In 1963, Singer’s career took a decisive turn during a sabbatical at Oxford University at the invitation of Michael Atiyah. From day one, Atiyah challenged Singer to explore a well-established theorem in topology.

“What Michael had in mind were what are now called integrality theorems, explaining why some integrals are integers,” Singer later said. Atiyah’s question was compelling to Singer, who couldn’t stop thinking about it. In about six weeks, he approached Atiyah with an answer.

“Amazingly, this involved analyzing and generalizing the Dirac operator to Riemannian spin manifolds,” Singer said. “I explained to Michael what I thought was going on and how most of the known completeness theorems fit together using the Dirac operator. It wasn’t hard to guess the formula for the index; we obtained the proof of the index theorem in September.

The main implications of their theorem would only become clear years later. In retrospect, Singer would recall, “In 1962, when a Sloan Fellow…Michael Atiyah and I discovered an index theorem that combined elliptical topology, geometry, and partial differential operators in a new way. Our results have extended, unified and provided insight into some older theories. Exploring the consequences of this surprising combination of different fields has occupied us ever since. Deep applications continue to be discovered. Some of the most interesting … are in theoretical high energy physics. Mathematicians and physicists now realize that underlying gauge theories are the mathematical structure of fiber bundles. As a result, global geometry has applications to elementary particle physics, and at the same time physicists pose many new geometric questions. It’s exciting to search for the answers.

After work on the index theorem, Singer’s career moved closer to the theoretical community of high-energy physics, making numerous contributions there, including gauge theory, quark theory, and cancellation of anomalies.

His work has earned him an impressive number of accolades. Singer was a Sloan Research Fellow from 1959 to 1962 and twice received a John D. Guggenheim Fellowship in 1968 and 1975. In 1969 he received the Bôcher Memorial Prize from the American Mathematical Society. In 1985 he was awarded the National Medal of Science. The following year, Singer was selected for MIT’s highest faculty nomination as a professor of the Institute. In 1988, he received the Eugène Wigner Medal. In 1993 he received the Distinguished Public Service Award and in 2000 the Leroy P. Steele Prize for Lifetime Achievement, both awarded by the American Mathematical Society. In 2004, Singer, together with Sir Michael Atiyah, received the Abel Prize from the Norwegian Academy of Sciences and Letters, and he was shortlisted for the MIT James Rhyne Killian Faculty Achievement Award 2005.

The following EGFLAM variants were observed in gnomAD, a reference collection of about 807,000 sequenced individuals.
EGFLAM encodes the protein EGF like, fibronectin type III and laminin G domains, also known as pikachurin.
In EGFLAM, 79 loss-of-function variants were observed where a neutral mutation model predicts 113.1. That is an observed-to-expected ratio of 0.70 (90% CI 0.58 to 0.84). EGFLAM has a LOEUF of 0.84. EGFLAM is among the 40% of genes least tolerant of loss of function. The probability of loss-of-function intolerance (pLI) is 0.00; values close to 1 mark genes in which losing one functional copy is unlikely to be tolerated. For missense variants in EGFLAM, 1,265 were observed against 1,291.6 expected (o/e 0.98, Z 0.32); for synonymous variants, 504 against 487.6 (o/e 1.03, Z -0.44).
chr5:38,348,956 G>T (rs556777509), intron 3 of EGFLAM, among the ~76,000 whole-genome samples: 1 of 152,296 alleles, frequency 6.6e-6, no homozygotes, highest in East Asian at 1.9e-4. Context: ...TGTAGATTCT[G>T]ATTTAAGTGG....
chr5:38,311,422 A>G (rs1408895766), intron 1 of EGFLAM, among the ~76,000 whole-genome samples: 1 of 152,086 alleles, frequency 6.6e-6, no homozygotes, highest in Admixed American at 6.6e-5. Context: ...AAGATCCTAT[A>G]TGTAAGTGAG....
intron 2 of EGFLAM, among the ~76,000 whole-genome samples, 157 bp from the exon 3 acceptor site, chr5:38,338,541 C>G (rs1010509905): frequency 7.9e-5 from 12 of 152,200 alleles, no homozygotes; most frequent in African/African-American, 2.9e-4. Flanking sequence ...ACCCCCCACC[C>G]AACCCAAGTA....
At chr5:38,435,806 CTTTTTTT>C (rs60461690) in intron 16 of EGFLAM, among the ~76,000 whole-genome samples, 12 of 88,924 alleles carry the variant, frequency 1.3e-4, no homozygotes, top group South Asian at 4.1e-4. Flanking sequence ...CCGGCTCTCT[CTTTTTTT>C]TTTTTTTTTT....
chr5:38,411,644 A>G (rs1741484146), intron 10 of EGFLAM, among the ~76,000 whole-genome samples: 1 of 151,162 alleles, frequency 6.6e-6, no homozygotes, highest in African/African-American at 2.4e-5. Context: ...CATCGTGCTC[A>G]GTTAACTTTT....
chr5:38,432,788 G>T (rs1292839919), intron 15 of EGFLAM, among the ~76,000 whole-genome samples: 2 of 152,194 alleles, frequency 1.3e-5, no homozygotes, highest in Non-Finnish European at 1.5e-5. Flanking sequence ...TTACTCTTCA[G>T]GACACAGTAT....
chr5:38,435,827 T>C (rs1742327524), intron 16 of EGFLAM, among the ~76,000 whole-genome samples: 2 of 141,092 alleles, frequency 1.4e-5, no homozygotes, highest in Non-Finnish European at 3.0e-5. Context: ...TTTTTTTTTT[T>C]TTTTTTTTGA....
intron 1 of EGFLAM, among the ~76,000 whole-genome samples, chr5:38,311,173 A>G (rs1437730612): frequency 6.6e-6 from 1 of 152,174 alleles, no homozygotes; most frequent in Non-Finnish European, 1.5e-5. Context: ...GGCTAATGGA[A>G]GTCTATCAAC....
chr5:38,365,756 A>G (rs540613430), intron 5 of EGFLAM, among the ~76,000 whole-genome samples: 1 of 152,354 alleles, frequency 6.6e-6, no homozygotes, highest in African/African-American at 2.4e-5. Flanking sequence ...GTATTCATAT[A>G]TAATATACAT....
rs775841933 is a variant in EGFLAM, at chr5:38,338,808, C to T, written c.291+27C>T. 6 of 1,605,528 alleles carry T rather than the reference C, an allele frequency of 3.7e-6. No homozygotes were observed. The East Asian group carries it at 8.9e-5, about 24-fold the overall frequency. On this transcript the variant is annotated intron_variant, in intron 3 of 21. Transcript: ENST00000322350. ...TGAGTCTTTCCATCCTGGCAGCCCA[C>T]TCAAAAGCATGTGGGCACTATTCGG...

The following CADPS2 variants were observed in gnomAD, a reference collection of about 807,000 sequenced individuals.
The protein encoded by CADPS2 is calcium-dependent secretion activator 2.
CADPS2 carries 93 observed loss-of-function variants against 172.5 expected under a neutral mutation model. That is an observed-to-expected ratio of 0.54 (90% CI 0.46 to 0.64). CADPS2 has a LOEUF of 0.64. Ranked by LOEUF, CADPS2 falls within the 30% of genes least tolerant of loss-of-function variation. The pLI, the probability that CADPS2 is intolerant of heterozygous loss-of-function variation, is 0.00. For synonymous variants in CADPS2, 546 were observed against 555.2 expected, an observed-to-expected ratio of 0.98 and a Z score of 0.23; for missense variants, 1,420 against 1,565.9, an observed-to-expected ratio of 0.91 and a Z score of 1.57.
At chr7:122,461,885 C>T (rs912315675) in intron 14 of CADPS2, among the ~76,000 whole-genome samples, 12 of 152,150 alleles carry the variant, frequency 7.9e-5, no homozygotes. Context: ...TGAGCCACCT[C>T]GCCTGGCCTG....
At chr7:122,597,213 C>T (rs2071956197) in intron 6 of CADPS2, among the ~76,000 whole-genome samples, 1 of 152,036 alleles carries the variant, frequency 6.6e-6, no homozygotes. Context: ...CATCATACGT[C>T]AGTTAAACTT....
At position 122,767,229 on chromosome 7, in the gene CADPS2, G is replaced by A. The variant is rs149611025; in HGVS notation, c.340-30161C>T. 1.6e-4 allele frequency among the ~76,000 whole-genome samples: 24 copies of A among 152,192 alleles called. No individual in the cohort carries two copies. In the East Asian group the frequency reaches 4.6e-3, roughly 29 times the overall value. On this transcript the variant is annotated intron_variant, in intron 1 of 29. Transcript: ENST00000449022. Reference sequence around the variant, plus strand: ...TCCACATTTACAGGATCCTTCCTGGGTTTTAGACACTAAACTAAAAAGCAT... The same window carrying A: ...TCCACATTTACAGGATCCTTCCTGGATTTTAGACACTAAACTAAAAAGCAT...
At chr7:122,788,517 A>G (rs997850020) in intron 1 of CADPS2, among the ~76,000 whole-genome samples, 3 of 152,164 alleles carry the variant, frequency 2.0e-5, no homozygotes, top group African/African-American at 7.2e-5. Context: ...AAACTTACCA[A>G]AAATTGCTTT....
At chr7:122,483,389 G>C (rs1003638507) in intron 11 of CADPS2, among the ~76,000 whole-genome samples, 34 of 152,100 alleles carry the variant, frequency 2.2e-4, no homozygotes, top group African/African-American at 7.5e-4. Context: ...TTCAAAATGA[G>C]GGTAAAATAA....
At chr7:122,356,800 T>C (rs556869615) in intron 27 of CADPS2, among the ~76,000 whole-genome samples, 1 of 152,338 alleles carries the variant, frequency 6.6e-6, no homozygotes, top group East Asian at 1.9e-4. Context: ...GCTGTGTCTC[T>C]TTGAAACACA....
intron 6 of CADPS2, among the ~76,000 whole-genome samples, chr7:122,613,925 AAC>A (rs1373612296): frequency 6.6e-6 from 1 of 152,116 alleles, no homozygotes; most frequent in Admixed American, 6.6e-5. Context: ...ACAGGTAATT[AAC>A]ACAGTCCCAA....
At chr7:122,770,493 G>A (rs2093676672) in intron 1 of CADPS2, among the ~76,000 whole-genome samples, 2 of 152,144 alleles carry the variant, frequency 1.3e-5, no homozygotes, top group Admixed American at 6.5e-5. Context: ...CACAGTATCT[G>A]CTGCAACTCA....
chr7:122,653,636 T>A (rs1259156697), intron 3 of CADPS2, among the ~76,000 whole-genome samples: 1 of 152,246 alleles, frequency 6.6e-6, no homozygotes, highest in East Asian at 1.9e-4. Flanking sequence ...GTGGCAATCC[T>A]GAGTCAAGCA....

Singer was a Fellow of the American Academy of Arts and Sciences (1959) and the American Mathematical Society (2012); fellow of the American Philosophical Society (1985) and of the National Academy of Sciences (1968); honorary member of the London Mathematical Society (2004); and foreign member of the Norwegian Academy of Sciences and Letters (2009).

Singer’s service to the wider mathematical and scientific community has also been prodigious. He chaired the Science and Public Policy Committee of the National Academy of Sciences from 1973 to 1979. He co-founded the Mathematical Sciences Research Institute (MSRI) in 1982 with Shiing-Shen Chern and Calvin Moore. From 1982 to 1988, Singer served on the White House Science Council. He was a member of the Presidential Committee for the selection of the National Medal of Science, which ended in 1989. Between 1995 and 1999, he served on the board of directors of the National Research Council.

Singer was also engaged in teaching. Singer advised numerous graduate students – 31 from MIT and 2 from the University of California, Berkeley – and had nearly 200 mathematical descendants. Among these students were Dan Burns, Dan Freed, Dan Friedan, John Lott, Hugo Rossi, Linda Rothschild and Nancy Stanton. He mentored computer scientist Lenore Blum, helping her enter graduate school in 1963. Singer also influenced budding young MIT student James Simons, who after a brilliant but short career in mathematics , went on to an extremely successful career in finance and philanthropy. .

Even late in his career, Singer insisted on teaching undergraduates, volunteering to work for several semesters as a teaching assistant for the introductory freshman calculus course at MIT. He liked to say that empathy made him a good teacher.

Singer is survived by his wife, Rosemarie Singer; four children, Eliot, Natasha, Emily and Annabelle; two stepchildren, Giles and Melissa; and four grandchildren.